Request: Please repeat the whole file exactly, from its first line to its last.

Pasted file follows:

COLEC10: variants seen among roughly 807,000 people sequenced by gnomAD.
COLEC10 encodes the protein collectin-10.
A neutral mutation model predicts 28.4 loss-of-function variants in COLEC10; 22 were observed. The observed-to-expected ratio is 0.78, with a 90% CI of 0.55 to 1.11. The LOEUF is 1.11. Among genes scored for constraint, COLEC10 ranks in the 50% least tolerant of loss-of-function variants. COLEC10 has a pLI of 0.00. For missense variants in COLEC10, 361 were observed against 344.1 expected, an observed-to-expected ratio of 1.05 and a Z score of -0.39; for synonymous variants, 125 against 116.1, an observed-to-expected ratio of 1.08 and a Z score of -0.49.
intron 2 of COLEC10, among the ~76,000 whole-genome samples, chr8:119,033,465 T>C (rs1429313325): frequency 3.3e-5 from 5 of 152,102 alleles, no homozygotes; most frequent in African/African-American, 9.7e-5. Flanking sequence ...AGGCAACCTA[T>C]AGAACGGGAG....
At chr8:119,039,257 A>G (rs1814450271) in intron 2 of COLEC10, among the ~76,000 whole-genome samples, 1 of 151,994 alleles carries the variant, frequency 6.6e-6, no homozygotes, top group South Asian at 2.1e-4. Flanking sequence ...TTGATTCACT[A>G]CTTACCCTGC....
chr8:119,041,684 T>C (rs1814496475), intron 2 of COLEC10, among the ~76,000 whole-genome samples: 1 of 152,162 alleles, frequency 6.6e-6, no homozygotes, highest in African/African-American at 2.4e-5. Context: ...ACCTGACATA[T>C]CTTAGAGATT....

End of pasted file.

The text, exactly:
COLEC10: variants seen among roughly 807,000 people sequenced by gnomAD.
COLEC10 encodes the protein collectin-10.
A neutral mutation model predicts 28.4 loss-of-function variants in COLEC10; 22 were observed. The observed-to-expected ratio is 0.78, with a 90% CI of 0.55 to 1.11. The LOEUF is 1.11. Among genes scored for constraint, COLEC10 ranks in the 50% least tolerant of loss-of-function variants. COLEC10 has a pLI of 0.00. For missense variants in COLEC10, 361 were observed against 344.1 expected, an observed-to-expected ratio of 1.05 and a Z score of -0.39; for synonymous variants, 125 against 116.1, an observed-to-expected ratio of 1.08 and a Z score of -0.49.
intron 2 of COLEC10, among the ~76,000 whole-genome samples, chr8:119,033,465 T>C (rs1429313325): frequency 3.3e-5 from 5 of 152,102 alleles, no homozygotes; most frequent in African/African-American, 9.7e-5. Flanking sequence ...AGGCAACCTA[T>C]AGAACGGGAG....
At chr8:119,039,257 A>G (rs1814450271) in intron 2 of COLEC10, among the ~76,000 whole-genome samples, 1 of 151,994 alleles carries the variant, frequency 6.6e-6, no homozygotes, top group South Asian at 2.1e-4. Flanking sequence ...TTGATTCACT[A>G]CTTACCCTGC....
chr8:119,041,684 T>C (rs1814496475), intron 2 of COLEC10, among the ~76,000 whole-genome samples: 1 of 152,162 alleles, frequency 6.6e-6, no homozygotes, highest in African/African-American at 2.4e-5. Context: ...ACCTGACATA[T>C]CTTAGAGATT....